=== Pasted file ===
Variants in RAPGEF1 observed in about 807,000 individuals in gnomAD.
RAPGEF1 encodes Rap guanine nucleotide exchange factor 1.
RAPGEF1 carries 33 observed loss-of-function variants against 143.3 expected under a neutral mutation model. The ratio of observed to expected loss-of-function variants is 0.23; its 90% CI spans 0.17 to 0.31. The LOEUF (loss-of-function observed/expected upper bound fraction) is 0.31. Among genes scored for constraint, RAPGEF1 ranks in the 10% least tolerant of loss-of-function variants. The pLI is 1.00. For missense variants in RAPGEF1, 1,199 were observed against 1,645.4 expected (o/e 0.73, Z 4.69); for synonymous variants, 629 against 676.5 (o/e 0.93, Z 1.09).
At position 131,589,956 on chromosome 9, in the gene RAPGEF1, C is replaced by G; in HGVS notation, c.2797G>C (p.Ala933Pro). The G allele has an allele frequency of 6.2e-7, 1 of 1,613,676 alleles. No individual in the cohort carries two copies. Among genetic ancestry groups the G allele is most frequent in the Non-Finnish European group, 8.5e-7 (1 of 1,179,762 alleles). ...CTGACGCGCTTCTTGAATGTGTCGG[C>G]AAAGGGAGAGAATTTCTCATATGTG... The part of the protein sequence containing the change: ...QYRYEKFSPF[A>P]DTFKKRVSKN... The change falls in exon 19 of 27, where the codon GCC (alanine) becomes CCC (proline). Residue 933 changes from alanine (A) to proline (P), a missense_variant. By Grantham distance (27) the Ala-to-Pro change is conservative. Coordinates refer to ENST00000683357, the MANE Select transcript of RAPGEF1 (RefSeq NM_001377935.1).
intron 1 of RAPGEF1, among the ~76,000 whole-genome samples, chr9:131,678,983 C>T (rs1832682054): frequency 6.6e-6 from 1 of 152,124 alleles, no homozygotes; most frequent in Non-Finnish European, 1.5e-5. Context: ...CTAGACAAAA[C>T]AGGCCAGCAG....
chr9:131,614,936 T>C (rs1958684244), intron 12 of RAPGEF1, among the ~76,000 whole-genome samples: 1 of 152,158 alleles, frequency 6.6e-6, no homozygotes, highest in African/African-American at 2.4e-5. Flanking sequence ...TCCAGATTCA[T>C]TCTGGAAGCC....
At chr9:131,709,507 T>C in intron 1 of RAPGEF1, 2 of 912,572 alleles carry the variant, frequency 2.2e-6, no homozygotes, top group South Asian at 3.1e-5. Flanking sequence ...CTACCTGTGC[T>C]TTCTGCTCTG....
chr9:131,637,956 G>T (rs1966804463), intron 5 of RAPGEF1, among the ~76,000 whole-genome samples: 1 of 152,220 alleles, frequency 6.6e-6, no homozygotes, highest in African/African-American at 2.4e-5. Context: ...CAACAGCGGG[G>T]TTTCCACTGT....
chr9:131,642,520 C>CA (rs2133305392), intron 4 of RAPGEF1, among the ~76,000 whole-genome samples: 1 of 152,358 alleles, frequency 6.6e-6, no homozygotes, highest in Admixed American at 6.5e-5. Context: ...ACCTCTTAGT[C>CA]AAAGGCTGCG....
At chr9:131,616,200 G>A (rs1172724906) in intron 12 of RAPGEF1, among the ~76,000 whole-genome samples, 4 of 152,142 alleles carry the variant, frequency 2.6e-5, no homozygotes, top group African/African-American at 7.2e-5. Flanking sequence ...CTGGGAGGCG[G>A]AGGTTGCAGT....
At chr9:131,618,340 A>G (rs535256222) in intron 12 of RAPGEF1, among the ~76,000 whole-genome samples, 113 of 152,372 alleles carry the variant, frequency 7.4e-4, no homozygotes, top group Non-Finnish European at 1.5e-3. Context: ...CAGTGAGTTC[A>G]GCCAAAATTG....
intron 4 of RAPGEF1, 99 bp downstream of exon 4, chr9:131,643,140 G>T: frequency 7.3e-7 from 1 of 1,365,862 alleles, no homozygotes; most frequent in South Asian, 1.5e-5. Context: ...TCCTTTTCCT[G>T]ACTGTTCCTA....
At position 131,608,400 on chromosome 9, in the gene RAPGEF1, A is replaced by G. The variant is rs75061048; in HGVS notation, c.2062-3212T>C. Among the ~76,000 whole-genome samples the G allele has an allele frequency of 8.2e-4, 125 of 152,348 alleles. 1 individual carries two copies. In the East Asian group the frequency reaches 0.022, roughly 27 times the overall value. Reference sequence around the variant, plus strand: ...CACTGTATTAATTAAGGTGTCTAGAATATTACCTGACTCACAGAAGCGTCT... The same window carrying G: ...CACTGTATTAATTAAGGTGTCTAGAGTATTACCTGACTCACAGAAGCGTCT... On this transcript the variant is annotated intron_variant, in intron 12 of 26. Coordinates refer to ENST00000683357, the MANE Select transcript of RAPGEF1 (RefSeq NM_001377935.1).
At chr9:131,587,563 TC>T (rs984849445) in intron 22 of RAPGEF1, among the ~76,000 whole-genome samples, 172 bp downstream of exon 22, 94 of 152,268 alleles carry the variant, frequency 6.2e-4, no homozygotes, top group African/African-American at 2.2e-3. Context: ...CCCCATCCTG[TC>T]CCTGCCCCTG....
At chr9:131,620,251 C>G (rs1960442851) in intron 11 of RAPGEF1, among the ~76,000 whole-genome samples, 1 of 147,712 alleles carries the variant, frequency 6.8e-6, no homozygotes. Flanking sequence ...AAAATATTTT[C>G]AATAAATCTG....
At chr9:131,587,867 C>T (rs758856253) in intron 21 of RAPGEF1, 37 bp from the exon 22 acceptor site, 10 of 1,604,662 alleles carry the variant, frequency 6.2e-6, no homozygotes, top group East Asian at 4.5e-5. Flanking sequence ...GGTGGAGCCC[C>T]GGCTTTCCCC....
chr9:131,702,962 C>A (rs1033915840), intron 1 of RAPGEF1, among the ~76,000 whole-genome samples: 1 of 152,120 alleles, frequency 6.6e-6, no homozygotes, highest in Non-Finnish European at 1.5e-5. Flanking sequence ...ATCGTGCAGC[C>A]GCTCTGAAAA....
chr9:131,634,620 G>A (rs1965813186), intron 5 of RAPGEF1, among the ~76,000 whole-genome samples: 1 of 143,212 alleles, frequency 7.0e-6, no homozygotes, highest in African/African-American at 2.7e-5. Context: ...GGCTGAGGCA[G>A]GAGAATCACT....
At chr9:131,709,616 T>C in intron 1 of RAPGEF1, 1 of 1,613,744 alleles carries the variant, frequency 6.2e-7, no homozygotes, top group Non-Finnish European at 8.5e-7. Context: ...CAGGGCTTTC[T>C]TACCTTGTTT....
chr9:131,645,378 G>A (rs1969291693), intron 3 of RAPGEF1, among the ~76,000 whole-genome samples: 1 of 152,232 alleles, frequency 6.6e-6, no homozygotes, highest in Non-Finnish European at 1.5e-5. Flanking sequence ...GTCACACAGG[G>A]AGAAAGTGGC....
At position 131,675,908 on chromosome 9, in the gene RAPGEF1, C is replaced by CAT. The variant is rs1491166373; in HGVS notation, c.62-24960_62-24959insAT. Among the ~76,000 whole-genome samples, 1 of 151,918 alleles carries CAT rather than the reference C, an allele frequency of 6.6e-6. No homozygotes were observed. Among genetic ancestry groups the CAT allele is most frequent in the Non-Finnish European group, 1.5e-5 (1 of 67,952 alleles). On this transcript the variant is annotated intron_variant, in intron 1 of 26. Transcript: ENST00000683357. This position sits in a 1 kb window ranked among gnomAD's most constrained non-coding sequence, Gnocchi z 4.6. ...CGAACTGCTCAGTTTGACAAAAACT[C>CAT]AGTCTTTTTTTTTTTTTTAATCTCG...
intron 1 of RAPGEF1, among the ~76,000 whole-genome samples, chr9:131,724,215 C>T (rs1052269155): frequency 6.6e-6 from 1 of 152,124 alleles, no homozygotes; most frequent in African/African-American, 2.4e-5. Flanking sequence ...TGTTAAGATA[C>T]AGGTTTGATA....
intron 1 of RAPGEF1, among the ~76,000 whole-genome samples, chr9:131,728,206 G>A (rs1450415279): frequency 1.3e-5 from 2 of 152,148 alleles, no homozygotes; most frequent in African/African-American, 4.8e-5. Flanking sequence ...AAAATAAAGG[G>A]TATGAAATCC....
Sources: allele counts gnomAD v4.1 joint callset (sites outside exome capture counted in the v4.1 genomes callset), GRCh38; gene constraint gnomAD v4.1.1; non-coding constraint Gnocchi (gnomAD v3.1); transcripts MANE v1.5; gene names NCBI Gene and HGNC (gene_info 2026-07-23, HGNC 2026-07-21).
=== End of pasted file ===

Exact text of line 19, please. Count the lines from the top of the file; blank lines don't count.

At chr9:131,709,616 T>C in intron 1 of RAPGEF1, 1 of 1,613,744 alleles carries the variant, frequency 6.2e-7, no homozygotes, top group Non-Finnish European at 8.5e-7. Context: ...CAGGGCTTTC[T>C]TACCTTGTTT....